Trouble in Darfur
Darfur, Sudan’s most troubled region has a history of military-sponsored violence. During Omar al-Bashir’s reign, renegade forces known as the Janjaweed. sponsored by his administration, killed and maimed hundreds of thousands of Sudanese in the area. Some estimates say the forces may have killed at least 300,000 people. The Janjaweed is said to have morphed into the Rapid Support Forces, maintaining their brutality.
Former president Omar al-Bashir and his lieutenants at the time are facing a case at the International Criminal Court, where the military is reportedly reluctant to surrender him.
Prime Minister Hamdok though had earlier expressed willingness to hand him over.
This week, he rejected allegations that he agreed to rejoin the government under duress. He said it would be easy to quit but he had returned because he felt that he had something to offer to Sudanese people.
“People have the right to reject or drop the political agreement, but the agreement helps get the country out of the crisis,” Prime Minister Hamdok said, commenting on a wave of protests on Sudan’s streets.
“Our main concern is to achieve democratic transition and civilian rule. If there is someone who has a better solution for the benefit of the Sudanese people, they are welcome,” he said.
When he was toppled and his Cabinet detained, civilian components of the coalition government protested. When he returned, they accused him of signing an agreement under pressure.
In the wave of the current protests, the prime minister’s work is more urgent because it could undercut his efforts to stabilise the country through the Juba Agreement with armed groups signed in February.
Some of those groups rejected his return under the military junta’s leadership of the Transitional Sovereign Council.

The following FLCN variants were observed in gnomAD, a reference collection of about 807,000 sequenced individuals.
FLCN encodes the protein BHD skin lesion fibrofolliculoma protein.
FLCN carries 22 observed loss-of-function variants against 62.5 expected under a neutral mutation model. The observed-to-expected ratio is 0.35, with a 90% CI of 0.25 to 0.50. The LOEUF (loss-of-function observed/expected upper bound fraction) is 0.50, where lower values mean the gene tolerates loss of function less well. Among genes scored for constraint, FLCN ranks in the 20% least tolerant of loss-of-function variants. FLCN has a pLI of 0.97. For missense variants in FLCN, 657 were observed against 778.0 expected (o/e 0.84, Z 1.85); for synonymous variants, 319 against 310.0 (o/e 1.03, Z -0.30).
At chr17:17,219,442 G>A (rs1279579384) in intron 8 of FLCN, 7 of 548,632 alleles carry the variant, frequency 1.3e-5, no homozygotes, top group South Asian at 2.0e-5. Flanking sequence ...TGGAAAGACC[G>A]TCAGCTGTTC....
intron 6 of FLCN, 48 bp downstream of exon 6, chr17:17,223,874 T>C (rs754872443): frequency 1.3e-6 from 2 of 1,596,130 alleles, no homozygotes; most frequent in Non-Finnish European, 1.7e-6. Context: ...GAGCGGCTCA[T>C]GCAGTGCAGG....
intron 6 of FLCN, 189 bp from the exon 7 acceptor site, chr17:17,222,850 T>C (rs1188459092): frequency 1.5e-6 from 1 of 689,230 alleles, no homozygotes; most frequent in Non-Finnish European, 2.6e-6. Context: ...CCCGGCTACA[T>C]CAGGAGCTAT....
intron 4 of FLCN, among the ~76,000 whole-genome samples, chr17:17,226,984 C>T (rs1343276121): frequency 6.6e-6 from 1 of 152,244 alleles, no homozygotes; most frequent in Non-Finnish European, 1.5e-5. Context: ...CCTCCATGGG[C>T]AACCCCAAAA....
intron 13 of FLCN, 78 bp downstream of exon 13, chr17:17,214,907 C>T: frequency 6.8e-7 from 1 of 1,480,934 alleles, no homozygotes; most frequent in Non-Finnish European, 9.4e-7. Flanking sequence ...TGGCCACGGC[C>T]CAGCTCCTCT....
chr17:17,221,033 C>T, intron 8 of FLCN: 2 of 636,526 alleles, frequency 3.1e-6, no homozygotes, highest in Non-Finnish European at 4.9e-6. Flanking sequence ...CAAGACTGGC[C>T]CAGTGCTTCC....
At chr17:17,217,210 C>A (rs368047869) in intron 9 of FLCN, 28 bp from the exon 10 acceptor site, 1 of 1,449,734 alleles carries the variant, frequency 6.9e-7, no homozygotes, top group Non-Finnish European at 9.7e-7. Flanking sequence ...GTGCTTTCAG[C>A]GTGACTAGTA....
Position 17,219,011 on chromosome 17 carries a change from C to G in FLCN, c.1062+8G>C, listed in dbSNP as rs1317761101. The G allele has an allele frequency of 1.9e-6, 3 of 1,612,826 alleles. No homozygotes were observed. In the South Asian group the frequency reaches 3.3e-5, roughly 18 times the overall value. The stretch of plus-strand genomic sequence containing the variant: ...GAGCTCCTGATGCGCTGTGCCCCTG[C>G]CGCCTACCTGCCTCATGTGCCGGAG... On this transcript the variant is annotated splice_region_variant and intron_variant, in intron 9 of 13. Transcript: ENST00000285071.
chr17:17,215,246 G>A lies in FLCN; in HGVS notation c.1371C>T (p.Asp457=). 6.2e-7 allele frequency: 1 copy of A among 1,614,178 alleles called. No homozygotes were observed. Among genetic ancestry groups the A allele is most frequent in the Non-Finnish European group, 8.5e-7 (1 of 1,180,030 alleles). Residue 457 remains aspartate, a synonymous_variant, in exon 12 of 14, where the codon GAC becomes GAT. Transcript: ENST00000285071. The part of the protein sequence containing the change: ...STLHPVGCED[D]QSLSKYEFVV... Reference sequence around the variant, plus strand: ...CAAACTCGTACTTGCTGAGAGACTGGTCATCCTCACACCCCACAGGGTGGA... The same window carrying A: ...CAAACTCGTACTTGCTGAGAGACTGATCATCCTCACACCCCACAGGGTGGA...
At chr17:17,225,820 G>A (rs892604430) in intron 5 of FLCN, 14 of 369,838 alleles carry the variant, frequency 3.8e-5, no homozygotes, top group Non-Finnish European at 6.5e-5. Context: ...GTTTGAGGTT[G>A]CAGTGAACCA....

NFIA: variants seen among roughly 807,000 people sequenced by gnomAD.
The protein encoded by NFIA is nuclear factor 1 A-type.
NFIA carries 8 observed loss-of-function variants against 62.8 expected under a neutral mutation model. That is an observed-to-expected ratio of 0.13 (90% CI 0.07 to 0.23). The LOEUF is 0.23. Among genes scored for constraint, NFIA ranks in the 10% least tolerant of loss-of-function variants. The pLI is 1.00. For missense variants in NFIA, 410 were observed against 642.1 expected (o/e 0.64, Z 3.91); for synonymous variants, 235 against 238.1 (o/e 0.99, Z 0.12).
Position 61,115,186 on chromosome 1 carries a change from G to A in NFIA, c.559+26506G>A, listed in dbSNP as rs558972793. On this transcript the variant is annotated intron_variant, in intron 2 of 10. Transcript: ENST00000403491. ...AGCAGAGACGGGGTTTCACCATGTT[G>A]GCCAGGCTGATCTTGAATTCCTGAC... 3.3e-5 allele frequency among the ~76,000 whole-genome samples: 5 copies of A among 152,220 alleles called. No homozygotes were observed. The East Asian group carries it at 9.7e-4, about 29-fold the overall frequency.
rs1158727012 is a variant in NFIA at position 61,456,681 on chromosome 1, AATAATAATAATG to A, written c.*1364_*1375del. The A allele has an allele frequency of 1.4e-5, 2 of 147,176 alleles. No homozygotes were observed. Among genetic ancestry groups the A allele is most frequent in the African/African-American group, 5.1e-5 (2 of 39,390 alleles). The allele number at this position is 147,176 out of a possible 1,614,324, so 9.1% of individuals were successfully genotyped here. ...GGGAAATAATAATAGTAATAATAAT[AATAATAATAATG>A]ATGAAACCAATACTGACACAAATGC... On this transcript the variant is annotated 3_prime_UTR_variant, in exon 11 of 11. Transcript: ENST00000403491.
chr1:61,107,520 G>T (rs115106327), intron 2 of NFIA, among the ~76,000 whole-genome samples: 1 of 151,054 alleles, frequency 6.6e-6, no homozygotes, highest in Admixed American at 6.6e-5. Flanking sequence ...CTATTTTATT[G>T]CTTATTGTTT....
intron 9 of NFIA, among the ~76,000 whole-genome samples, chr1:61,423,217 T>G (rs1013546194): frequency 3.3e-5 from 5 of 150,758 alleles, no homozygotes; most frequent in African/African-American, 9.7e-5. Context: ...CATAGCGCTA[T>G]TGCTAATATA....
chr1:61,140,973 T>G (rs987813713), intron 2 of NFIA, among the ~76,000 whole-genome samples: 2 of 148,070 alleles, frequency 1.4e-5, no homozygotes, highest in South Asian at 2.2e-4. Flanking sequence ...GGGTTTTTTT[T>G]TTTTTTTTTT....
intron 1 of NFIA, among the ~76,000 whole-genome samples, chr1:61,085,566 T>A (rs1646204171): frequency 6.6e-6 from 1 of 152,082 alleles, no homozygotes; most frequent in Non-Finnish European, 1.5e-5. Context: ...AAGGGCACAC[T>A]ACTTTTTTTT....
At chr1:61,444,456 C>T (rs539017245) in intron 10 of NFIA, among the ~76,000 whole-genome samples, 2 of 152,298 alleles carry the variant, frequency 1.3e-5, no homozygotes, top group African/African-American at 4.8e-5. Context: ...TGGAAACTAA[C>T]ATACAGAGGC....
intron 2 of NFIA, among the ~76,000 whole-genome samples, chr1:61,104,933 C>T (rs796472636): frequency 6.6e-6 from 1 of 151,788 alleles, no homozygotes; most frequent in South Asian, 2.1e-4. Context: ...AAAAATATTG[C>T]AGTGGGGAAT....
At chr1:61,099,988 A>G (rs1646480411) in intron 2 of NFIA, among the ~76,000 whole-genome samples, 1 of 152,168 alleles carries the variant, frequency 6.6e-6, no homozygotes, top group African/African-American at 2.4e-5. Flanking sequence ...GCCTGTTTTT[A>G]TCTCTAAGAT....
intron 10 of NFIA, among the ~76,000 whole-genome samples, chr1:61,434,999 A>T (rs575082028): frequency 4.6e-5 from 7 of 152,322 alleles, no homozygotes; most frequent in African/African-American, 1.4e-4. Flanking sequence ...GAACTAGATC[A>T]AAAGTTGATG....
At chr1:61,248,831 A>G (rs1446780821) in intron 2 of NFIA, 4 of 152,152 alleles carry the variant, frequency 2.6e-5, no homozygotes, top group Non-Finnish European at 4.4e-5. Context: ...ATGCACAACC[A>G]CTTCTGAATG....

Although the intensity of the main fighting had subsided in the region for years, people in Darfur still have weapons and violence erupts from time to time due to disputes between farmers and herders.
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Last month, fighting broke out when the army commander Gen Al-Burhan, announced his decision to dissolve the institutions of civil governance, which resulted in a wave of popular protests that are ongoing.
Military coup
On October 25, Gen Al-Burhan overthrew the transitional government and arrested its civilian leaders, including Prime Minister Hamdok, who remained for weeks under house arrest, before being released on Sunday after signing a political agreement that did not satisfy everyone in the country.
Since the overthrow of former leader al-Bashir, Sudan has been seeking to achieve peace in the troubled Darfur region, including the tribal clashes that erupted immediately after the withdrawal of the United Nations peacekeeping mission at the end of last year.
However, the executive secretary of Igad, Workneh Gebeyehu, has welcomed the agreement by the military to reinstate Prime Minister Hamdok, restore civilian rule, and for the release of political leaders detained in October.
“I hope the agreement will lead to the formation of an inclusive government and express the readiness of Igad to work with the new government in the implementation of this Agreement and in their effort to serve the people and build a new democratic Sudan that responds to the legitimate aspirations of all sectors of its society,” he said on the sidelines of the Igad Infrastructure conference in Nairobi.
Read the original article on East African.